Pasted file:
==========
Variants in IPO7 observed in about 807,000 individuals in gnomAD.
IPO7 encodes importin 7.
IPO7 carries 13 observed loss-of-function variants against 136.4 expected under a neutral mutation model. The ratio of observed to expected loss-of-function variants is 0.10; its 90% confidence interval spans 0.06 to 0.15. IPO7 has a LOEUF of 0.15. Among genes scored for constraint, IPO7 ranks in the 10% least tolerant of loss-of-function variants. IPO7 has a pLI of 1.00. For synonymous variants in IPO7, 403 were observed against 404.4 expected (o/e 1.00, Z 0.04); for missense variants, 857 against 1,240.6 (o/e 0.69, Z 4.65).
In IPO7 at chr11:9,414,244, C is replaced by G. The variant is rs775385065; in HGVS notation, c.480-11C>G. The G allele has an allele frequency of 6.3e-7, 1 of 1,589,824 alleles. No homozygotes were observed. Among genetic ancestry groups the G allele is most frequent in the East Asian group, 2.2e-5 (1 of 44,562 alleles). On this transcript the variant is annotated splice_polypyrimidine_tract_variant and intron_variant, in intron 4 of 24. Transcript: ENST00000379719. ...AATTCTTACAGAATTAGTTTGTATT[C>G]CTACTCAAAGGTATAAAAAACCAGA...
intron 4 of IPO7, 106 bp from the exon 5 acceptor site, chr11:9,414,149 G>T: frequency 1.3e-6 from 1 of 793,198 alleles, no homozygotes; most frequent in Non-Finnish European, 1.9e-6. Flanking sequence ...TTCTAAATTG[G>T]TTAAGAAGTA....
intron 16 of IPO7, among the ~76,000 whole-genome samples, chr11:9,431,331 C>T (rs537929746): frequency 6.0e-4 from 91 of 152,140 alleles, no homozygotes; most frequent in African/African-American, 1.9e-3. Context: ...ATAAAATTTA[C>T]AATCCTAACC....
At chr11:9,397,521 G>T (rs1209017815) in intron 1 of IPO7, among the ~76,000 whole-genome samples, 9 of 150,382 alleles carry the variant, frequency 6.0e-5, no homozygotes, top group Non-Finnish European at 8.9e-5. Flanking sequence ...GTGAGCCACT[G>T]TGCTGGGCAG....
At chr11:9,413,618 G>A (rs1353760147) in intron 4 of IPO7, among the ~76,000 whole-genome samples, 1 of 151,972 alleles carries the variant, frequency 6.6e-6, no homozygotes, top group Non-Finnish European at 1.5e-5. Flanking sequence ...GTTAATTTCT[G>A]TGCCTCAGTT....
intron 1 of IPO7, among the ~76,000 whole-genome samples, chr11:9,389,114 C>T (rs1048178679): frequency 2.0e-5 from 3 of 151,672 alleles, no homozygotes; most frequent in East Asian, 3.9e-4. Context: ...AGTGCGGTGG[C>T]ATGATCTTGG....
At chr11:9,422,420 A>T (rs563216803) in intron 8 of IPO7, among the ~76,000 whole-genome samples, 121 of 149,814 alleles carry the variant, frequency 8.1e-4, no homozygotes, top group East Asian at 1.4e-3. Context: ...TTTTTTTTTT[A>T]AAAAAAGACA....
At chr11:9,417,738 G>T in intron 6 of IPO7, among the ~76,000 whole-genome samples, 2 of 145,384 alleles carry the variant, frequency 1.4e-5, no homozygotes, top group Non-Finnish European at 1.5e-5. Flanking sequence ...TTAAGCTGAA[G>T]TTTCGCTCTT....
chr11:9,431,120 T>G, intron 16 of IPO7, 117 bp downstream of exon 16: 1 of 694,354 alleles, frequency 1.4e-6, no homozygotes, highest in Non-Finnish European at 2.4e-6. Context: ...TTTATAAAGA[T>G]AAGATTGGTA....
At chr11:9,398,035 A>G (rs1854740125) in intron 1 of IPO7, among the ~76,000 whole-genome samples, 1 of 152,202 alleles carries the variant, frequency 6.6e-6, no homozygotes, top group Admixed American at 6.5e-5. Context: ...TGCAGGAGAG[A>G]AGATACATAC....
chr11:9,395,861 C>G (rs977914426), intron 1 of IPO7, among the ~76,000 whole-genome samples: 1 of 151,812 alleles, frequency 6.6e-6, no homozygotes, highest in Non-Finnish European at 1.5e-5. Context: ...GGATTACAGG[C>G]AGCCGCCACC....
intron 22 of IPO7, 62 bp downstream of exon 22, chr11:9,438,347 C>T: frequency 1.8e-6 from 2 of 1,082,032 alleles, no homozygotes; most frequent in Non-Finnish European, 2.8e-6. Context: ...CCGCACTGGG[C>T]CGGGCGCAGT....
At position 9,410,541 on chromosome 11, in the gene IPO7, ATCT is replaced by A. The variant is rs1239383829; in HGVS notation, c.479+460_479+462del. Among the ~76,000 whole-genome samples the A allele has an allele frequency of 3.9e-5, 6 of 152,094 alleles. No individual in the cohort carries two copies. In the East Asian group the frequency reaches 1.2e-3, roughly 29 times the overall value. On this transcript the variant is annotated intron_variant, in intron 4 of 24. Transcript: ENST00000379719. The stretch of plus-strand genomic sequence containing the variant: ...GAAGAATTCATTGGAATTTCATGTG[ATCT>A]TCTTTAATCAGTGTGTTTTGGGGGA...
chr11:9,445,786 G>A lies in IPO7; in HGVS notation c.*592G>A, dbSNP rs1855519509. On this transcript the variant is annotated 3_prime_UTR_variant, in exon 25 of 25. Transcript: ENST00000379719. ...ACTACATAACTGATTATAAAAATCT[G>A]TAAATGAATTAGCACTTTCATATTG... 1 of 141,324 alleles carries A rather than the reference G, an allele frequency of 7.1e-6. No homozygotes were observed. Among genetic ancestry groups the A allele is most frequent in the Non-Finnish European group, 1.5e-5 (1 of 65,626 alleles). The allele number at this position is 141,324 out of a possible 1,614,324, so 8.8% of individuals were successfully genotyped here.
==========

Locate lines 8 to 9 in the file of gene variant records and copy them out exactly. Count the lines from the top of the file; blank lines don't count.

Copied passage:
At chr11:9,413,618 G>A (rs1353760147) in intron 4 of IPO7, among the ~76,000 whole-genome samples, 1 of 151,972 alleles carries the variant, frequency 6.6e-6, no homozygotes, top group Non-Finnish European at 1.5e-5. Flanking sequence ...GTTAATTTCT[G>A]TGCCTCAGTT....
intron 1 of IPO7, among the ~76,000 whole-genome samples, chr11:9,389,114 C>T (rs1048178679): frequency 2.0e-5 from 3 of 151,672 alleles, no homozygotes; most frequent in East Asian, 3.9e-4. Context: ...AGTGCGGTGG[C>T]ATGATCTTGG....